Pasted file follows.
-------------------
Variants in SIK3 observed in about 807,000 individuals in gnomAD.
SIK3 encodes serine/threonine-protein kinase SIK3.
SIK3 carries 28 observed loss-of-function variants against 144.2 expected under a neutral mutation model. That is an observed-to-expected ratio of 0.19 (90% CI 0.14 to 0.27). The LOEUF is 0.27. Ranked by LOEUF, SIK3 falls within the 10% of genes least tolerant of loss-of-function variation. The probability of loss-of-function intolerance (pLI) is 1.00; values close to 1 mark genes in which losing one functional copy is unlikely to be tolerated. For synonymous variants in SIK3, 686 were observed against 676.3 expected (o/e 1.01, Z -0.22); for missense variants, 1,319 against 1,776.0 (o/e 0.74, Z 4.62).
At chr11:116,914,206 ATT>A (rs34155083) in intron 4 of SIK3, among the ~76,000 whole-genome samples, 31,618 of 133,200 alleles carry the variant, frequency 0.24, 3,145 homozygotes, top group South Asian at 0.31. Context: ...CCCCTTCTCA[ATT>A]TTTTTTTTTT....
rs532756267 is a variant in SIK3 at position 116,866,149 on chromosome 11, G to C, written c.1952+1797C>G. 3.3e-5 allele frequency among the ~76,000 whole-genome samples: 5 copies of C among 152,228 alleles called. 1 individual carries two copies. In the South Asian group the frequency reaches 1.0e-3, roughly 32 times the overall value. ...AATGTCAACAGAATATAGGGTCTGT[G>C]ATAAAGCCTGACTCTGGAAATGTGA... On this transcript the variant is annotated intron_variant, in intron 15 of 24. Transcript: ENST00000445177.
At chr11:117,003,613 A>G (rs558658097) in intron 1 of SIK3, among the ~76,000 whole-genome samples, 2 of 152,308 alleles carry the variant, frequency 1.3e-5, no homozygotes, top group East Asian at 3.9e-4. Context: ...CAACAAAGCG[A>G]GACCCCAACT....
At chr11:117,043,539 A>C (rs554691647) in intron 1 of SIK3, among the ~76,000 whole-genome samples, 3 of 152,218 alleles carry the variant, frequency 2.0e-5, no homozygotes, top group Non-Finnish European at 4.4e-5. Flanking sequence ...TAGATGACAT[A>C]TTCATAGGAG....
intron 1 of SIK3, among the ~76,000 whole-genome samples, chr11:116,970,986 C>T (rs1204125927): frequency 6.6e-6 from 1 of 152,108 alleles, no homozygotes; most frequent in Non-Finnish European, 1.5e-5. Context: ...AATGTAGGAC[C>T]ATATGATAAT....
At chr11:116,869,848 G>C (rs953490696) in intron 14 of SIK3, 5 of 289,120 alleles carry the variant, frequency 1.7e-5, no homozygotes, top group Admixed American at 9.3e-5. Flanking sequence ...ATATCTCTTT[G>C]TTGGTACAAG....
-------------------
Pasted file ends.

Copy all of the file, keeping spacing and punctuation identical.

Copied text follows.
Variants in SIK3 observed in about 807,000 individuals in gnomAD.
SIK3 encodes serine/threonine-protein kinase SIK3.
SIK3 carries 28 observed loss-of-function variants against 144.2 expected under a neutral mutation model. That is an observed-to-expected ratio of 0.19 (90% CI 0.14 to 0.27). The LOEUF is 0.27. Ranked by LOEUF, SIK3 falls within the 10% of genes least tolerant of loss-of-function variation. The probability of loss-of-function intolerance (pLI) is 1.00; values close to 1 mark genes in which losing one functional copy is unlikely to be tolerated. For synonymous variants in SIK3, 686 were observed against 676.3 expected (o/e 1.01, Z -0.22); for missense variants, 1,319 against 1,776.0 (o/e 0.74, Z 4.62).
At chr11:116,914,206 ATT>A (rs34155083) in intron 4 of SIK3, among the ~76,000 whole-genome samples, 31,618 of 133,200 alleles carry the variant, frequency 0.24, 3,145 homozygotes, top group South Asian at 0.31. Context: ...CCCCTTCTCA[ATT>A]TTTTTTTTTT....
rs532756267 is a variant in SIK3 at position 116,866,149 on chromosome 11, G to C, written c.1952+1797C>G. 3.3e-5 allele frequency among the ~76,000 whole-genome samples: 5 copies of C among 152,228 alleles called. 1 individual carries two copies. In the South Asian group the frequency reaches 1.0e-3, roughly 32 times the overall value. ...AATGTCAACAGAATATAGGGTCTGT[G>C]ATAAAGCCTGACTCTGGAAATGTGA... On this transcript the variant is annotated intron_variant, in intron 15 of 24. Transcript: ENST00000445177.
At chr11:117,003,613 A>G (rs558658097) in intron 1 of SIK3, among the ~76,000 whole-genome samples, 2 of 152,308 alleles carry the variant, frequency 1.3e-5, no homozygotes, top group East Asian at 3.9e-4. Context: ...CAACAAAGCG[A>G]GACCCCAACT....
At chr11:117,043,539 A>C (rs554691647) in intron 1 of SIK3, among the ~76,000 whole-genome samples, 3 of 152,218 alleles carry the variant, frequency 2.0e-5, no homozygotes, top group Non-Finnish European at 4.4e-5. Flanking sequence ...TAGATGACAT[A>C]TTCATAGGAG....
intron 1 of SIK3, among the ~76,000 whole-genome samples, chr11:116,970,986 C>T (rs1204125927): frequency 6.6e-6 from 1 of 152,108 alleles, no homozygotes; most frequent in Non-Finnish European, 1.5e-5. Context: ...AATGTAGGAC[C>T]ATATGATAAT....
At chr11:116,869,848 G>C (rs953490696) in intron 14 of SIK3, 5 of 289,120 alleles carry the variant, frequency 1.7e-5, no homozygotes, top group Admixed American at 9.3e-5. Flanking sequence ...ATATCTCTTT[G>C]TTGGTACAAG....